Like everybody else at that time [1938, the year before World War II began in Europe, when Dyson was 15], I worried a great deal about the approaching war. I was not concerned about winning it or losing it. It seemed then that there was equally small chance that anything worth preserving would survive the war, whether we won it or lost it. The war was for me an unconditional evil. I was concerned only to do whatever I could to stop it from happening. And the only way to stop it was to change the hearts and minds of the warmakers on both sides. It was clear that only a radical change in their way of thinking could do the job.
I tried hard to understand the deeper causes of the hatreds that were driving us to war. I concluded that the basic cause of war was injustice. If all men had a fair share of the world’s goods, if all of us were given an equal chance in the game of life, then there would be no hatred and no war. So I asked myself the age-old questions, why does God permit war, and why does God permit injustice, and I found no answers. The problem of injustice seemed to me even more intractable than the problem of war. I was gifted with brains, good health, books, education, a loving family, not to mention food, clothing, and shelter. How could I imagine a world in which the Welsh coal miner’s son and the Indian peasant could be as luck as I was?
Enlightenment came to me suddenly and unexpectedly one afternoon in March when I was walking up to the school notice board to see whether my name was on the list for tomorrow's football game. I was not on the list. And in a blinding flash of inner light I saw the answer to both my problems, the problem of war and the problem of injustice. The answer was amazingly simple. I called it Cosmic Unity. Cosmic Unity said: There is only one of us. We are all the same person. I am you and I am Winston Churchill and Hitler and Gandhi and everybody. There is no problem of injustice because your sufferings are also mine. There will be no problem of war as soon as you understand that in killing me you are only killing yourself.
For some days I quietly worked out in my own mind the metaphysics of Cosmic Unity. The more I thought about it, the more convinced I became that it was the living truth. It was logically incontrovertible. It provided for the first time a firm foundation for ethics. It offered mankind the radical change of heart and mind that was our only hope of peace at a time of desperate danger. Only one small problem remained. I must find a way to convert the world to my way of thinking.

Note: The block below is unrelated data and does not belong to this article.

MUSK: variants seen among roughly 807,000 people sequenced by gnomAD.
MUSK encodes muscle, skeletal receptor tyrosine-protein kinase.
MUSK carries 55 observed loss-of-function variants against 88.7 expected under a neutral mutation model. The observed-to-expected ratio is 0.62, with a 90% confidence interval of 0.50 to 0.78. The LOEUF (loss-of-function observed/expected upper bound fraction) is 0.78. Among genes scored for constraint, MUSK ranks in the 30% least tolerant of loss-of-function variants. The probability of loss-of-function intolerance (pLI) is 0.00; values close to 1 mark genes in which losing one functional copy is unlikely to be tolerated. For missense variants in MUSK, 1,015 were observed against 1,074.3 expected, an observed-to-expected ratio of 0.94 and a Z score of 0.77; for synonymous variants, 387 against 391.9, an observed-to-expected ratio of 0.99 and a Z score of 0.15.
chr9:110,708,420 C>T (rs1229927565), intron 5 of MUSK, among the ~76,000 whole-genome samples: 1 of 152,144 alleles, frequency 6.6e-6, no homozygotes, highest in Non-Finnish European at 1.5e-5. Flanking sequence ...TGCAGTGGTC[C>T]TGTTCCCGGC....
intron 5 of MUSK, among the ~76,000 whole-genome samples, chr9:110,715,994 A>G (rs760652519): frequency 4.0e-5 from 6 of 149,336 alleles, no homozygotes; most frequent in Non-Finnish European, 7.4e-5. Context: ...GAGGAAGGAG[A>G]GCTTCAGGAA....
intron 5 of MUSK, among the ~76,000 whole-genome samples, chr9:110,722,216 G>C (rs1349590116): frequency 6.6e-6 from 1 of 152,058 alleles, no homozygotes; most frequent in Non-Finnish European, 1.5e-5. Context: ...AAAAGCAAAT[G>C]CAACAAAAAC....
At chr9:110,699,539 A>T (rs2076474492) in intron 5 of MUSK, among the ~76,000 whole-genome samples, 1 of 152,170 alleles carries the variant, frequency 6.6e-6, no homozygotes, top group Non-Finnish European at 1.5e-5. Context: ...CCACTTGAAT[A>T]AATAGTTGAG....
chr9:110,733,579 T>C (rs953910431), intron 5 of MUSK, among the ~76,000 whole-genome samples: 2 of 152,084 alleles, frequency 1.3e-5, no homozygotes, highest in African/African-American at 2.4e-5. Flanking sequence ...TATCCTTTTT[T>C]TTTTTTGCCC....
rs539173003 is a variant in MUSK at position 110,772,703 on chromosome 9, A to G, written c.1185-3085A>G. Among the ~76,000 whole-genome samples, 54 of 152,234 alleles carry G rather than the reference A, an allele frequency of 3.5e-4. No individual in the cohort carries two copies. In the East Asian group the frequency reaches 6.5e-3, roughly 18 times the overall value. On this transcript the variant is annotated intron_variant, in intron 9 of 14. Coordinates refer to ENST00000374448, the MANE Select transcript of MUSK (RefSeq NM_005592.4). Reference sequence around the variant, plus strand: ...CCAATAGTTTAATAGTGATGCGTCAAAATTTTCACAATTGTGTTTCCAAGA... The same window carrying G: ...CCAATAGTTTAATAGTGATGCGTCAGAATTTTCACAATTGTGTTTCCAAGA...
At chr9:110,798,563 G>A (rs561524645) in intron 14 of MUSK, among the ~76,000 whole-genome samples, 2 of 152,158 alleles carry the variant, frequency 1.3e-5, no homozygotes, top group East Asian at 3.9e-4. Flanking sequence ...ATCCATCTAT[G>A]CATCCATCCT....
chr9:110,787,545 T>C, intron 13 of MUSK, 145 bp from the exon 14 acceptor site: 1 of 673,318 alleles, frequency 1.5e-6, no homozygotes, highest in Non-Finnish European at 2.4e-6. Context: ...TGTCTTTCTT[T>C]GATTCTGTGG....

The work of conversion began slowly. I am not a good preacher. After I had expounded the new faith two or three times to my friends at school, I found it difficult to hold their attention. They were not anxious to hear more about it. They had a tendency to run away when they saw me coming. They were good-natured boys, and generally tolerant of eccentricity, but they were repelled by my tone of moral earnestness. When I preached at them I sounded too much like the headmaster. So in the end I made only two converts, one wholehearted and one half-hearted. Even the whole-hearted convert did not share in the work of preaching. He liked to keep his beliefs to himself. I, too, began to suspect that I lacked some of the essential qualities of a religious leader. Relativity was more in my line. After a few months I gave up trying to make converts. When some friend would come up to me and say cheerfully, “How's cosmajoonity doing today?” I would just answer, “Fine, thank you,” and let it go at that.
In the summer vacation I made one last attempt at a conversion. I asked my mother to come out for another walk along the dike and I laid before her my message of hope and glory. She was obviously very happy to see that I had discovered there are more things in heaven and earth than differential equations. She smiled at me and said very little. After I had finished talking I asked her what she thought about it all. She answered slowly, “Yes. I have believed something rather like that for a very long time.”
Text copyright © 1979 Freeman J. Dyson
Freeman Dyson (b. 1923) is a famous theoretical physicist and mathematician. He is professor emeritus at the Institute for Advanced Study.
This page was published on December 12, 2018 and last revised on December 12, 2018.